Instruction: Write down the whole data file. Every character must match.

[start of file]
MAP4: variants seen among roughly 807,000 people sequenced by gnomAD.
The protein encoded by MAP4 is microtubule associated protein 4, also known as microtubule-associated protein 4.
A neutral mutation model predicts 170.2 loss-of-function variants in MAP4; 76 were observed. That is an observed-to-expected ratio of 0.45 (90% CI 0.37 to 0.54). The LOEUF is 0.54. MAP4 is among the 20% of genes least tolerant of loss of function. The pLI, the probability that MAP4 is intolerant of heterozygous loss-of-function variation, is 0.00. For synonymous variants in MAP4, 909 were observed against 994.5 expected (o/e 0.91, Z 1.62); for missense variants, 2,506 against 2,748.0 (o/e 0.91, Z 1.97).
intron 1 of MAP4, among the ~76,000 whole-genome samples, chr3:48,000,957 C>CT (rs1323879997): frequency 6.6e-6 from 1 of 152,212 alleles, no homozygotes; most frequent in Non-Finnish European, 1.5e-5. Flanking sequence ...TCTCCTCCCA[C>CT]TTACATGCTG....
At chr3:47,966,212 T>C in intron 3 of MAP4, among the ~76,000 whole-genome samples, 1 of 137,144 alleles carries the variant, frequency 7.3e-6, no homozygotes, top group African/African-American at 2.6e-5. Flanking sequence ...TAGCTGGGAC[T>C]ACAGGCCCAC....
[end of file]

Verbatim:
MAP4: variants seen among roughly 807,000 people sequenced by gnomAD.
The protein encoded by MAP4 is microtubule associated protein 4, also known as microtubule-associated protein 4.
A neutral mutation model predicts 170.2 loss-of-function variants in MAP4; 76 were observed. That is an observed-to-expected ratio of 0.45 (90% CI 0.37 to 0.54). The LOEUF is 0.54. MAP4 is among the 20% of genes least tolerant of loss of function. The pLI, the probability that MAP4 is intolerant of heterozygous loss-of-function variation, is 0.00. For synonymous variants in MAP4, 909 were observed against 994.5 expected (o/e 0.91, Z 1.62); for missense variants, 2,506 against 2,748.0 (o/e 0.91, Z 1.97).
intron 1 of MAP4, among the ~76,000 whole-genome samples, chr3:48,000,957 C>CT (rs1323879997): frequency 6.6e-6 from 1 of 152,212 alleles, no homozygotes; most frequent in Non-Finnish European, 1.5e-5. Flanking sequence ...TCTCCTCCCA[C>CT]TTACATGCTG....
At chr3:47,966,212 T>C in intron 3 of MAP4, among the ~76,000 whole-genome samples, 1 of 137,144 alleles carries the variant, frequency 7.3e-6, no homozygotes, top group African/African-American at 2.6e-5. Flanking sequence ...TAGCTGGGAC[T>C]ACAGGCCCAC....